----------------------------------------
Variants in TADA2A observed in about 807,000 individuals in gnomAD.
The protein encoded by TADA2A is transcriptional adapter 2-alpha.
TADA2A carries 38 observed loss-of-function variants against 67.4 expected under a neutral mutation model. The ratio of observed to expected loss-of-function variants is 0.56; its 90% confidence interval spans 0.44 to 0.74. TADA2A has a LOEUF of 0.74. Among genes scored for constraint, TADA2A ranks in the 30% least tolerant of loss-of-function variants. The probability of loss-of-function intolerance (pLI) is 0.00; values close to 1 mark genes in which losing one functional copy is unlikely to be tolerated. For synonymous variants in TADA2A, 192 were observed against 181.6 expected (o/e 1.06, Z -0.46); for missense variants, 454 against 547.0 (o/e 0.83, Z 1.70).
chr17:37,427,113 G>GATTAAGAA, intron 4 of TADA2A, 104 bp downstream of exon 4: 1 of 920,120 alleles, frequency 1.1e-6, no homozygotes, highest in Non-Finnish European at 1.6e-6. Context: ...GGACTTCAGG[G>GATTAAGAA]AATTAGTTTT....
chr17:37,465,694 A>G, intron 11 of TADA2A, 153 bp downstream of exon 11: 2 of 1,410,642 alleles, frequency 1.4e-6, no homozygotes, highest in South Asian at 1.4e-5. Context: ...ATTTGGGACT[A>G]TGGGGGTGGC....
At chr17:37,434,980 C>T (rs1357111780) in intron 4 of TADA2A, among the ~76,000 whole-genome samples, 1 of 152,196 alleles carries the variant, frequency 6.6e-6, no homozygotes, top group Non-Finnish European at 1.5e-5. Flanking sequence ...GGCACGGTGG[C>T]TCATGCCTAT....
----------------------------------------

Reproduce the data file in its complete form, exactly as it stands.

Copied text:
Variants in TADA2A observed in about 807,000 individuals in gnomAD.
The protein encoded by TADA2A is transcriptional adapter 2-alpha.
TADA2A carries 38 observed loss-of-function variants against 67.4 expected under a neutral mutation model. The ratio of observed to expected loss-of-function variants is 0.56; its 90% confidence interval spans 0.44 to 0.74. TADA2A has a LOEUF of 0.74. Among genes scored for constraint, TADA2A ranks in the 30% least tolerant of loss-of-function variants. The probability of loss-of-function intolerance (pLI) is 0.00; values close to 1 mark genes in which losing one functional copy is unlikely to be tolerated. For synonymous variants in TADA2A, 192 were observed against 181.6 expected (o/e 1.06, Z -0.46); for missense variants, 454 against 547.0 (o/e 0.83, Z 1.70).
chr17:37,427,113 G>GATTAAGAA, intron 4 of TADA2A, 104 bp downstream of exon 4: 1 of 920,120 alleles, frequency 1.1e-6, no homozygotes, highest in Non-Finnish European at 1.6e-6. Context: ...GGACTTCAGG[G>GATTAAGAA]AATTAGTTTT....
chr17:37,465,694 A>G, intron 11 of TADA2A, 153 bp downstream of exon 11: 2 of 1,410,642 alleles, frequency 1.4e-6, no homozygotes, highest in South Asian at 1.4e-5. Context: ...ATTTGGGACT[A>G]TGGGGGTGGC....
At chr17:37,434,980 C>T (rs1357111780) in intron 4 of TADA2A, among the ~76,000 whole-genome samples, 1 of 152,196 alleles carries the variant, frequency 6.6e-6, no homozygotes, top group Non-Finnish European at 1.5e-5. Flanking sequence ...GGCACGGTGG[C>T]TCATGCCTAT....